InTrans’ proud history began in 1983
The Institute for Transportation at Iowa State University had its modest beginnings in 1983, with a Federal Highway Administration grant to provide training and technical assistance to the state’s city and county road agencies. In 1988, that initial program—Iowa’s Local Technical Assistance Program—was joined by one of the first-ever U.S. DOT-funded University Transportation Center regional programs. This addition greatly expanded Iowa State’s focus on, and the national impact of, programmatic transportation-based research and education.
Through the years, several additional funded centers and programs have joined a synergistic collection of regional and national initiatives that are housed and administered under the banner of InTrans. From that initial LTAP budget of $100,000, the total InTrans annual budget has grown to exceed $19 million. Together these programs provide nationally renowned research, outreach, and training programs that every day make a difference in areas as diverse as transportation infrastructure, traffic safety, and mobility.
The institute’s name has changed a handful of times since 1983 to reflect changes in the organization. In 2009, its status changed from a university center (Center for Transportation Research and Education, or CTRE) to an institute and was reflected in its new name: Institute for Transportation.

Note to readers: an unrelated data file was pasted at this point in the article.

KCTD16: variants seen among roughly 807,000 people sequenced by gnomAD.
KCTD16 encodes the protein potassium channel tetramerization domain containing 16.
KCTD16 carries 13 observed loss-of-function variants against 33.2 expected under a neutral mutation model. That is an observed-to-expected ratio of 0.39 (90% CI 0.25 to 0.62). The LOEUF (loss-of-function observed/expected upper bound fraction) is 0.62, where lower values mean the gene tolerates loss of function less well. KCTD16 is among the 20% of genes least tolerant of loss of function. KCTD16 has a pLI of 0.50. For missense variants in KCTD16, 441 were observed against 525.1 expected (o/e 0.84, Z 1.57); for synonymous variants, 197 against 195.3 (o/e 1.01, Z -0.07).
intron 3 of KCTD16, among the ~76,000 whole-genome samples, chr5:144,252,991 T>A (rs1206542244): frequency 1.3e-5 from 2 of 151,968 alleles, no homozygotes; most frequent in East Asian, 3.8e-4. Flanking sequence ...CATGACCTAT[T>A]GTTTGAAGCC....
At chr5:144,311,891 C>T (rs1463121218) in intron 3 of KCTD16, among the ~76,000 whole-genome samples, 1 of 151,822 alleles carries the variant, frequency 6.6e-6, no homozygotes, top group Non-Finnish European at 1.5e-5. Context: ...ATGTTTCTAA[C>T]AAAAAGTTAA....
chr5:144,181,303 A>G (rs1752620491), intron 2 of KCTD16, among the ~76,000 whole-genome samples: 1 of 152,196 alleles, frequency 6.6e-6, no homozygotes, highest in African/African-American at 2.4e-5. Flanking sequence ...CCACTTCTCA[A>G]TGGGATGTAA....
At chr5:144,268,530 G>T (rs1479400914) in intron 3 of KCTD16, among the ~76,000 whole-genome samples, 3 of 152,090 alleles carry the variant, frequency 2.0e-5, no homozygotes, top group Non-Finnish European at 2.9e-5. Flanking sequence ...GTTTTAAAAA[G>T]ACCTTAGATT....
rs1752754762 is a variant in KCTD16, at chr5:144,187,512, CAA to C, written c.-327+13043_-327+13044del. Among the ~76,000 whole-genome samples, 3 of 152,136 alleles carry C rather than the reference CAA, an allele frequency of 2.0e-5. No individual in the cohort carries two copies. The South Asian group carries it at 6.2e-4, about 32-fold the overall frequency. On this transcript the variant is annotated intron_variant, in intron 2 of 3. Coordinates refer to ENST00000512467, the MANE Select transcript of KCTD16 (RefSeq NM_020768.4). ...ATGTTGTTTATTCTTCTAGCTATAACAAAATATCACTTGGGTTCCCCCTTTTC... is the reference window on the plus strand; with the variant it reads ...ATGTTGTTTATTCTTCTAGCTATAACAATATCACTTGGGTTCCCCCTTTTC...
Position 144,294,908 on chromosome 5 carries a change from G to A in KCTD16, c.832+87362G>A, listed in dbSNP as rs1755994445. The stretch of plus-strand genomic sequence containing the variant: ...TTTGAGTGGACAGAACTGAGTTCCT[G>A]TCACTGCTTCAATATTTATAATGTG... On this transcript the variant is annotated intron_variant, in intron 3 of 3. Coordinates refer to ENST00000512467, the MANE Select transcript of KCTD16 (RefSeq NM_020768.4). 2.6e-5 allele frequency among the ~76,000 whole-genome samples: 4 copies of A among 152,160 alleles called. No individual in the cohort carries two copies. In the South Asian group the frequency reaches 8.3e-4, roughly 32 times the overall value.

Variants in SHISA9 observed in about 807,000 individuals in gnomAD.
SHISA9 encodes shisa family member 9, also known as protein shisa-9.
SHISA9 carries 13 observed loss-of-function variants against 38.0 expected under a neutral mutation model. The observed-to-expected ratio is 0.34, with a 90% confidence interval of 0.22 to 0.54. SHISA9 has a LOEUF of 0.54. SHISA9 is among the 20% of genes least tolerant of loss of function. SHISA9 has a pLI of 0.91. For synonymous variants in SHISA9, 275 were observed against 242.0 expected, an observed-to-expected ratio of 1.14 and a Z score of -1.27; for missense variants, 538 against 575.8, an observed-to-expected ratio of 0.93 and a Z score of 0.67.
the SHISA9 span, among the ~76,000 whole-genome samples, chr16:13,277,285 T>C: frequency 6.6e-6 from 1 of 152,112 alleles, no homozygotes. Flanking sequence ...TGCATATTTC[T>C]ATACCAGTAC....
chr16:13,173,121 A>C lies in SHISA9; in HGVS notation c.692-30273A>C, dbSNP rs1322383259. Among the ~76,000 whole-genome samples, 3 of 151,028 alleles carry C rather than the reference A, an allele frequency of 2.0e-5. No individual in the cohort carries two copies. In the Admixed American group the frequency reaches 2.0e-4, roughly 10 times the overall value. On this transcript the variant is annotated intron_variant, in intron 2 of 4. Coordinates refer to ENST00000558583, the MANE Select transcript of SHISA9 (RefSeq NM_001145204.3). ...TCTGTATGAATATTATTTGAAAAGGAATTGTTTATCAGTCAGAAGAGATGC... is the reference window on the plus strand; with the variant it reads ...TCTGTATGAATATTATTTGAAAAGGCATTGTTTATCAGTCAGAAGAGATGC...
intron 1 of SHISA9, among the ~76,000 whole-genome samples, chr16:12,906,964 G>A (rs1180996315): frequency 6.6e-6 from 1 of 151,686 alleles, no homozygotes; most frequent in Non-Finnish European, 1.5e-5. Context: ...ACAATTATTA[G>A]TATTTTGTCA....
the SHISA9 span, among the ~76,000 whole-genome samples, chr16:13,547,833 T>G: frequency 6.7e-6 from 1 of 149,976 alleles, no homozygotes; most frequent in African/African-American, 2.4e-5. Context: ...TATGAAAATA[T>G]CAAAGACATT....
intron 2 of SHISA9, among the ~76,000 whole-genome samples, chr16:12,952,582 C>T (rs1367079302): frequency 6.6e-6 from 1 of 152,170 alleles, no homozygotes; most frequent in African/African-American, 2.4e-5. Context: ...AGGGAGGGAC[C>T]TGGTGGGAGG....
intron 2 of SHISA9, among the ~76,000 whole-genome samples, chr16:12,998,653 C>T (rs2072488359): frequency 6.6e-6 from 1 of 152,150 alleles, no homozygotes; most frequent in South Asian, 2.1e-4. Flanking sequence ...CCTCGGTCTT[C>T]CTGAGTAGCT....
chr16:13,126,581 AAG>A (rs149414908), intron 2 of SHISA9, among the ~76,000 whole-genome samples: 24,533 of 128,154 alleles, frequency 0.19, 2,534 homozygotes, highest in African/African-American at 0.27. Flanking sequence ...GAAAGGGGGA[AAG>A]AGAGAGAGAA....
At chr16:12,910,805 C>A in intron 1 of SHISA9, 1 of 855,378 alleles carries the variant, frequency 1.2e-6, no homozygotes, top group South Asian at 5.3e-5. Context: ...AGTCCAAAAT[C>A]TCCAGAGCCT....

View the expanded historical timeline below.
Iowa State University is selected to manage one of only 10 statewide pilot programs in the country to provide transportation technology transfer and related services to small urban and rural areas.
Stanley Ring led a $100,000 local technology transfer program that created the Local Transportation Information Center (LTIC), known today as the Iowa Local Technical Assistance Program (Iowa LTAP).
Stanley Ring retires and Tom Maze becomes the LTIC director. Iowa State wins the University Transportation Center Program (UTC) grant from the U.S. Department of Transportation. The UTC grant funds the Midwest Transportation Center, under the direction of Ben Allen.
LTAP launches Safety Circuit Rider program with Ed Bigelow, a retired Ida County engineer, as Iowa’s—and the nation’s—first ever safety circuit rider.
Leadership of the UTC grant transitions from Ben Allen to Tom Maze.
The LTAP and UTC activities are merged under one organizational structure, the Iowa Transportation Center (ITC), with Maze as director. A strong partnership with the Iowa Department of Transportation (DOT) continues to grow, and the ITC’s overall research, education, and outreach programs flourish.
The ITC has matured into a nationally recognized, multimillion-dollar-a-year program.
The center’s name is changed to the Center for Transportation Research and Education (CTRE).
The first Mid-Continent Transportation Research Symposium is held.
CTRE signs a multiyear agreement with the Iowa DOT to regularize the department’s financial support of CTRE’s programs and to streamline contracting arrangements.
CTRE launches several new divisions—pavements, bridges and structures, traffic engineering and traffic safety, and policy—and moves into a 14,000-sq-ft facility.
Stephen Andrle succeeds Maze as CTRE’s director.
The Center for Portland Cement Concrete Pavement Technology is created.
CTRE undertakes oversight of Iowa’s Statewide Urban Design and Specifications (SUDAS) manuals.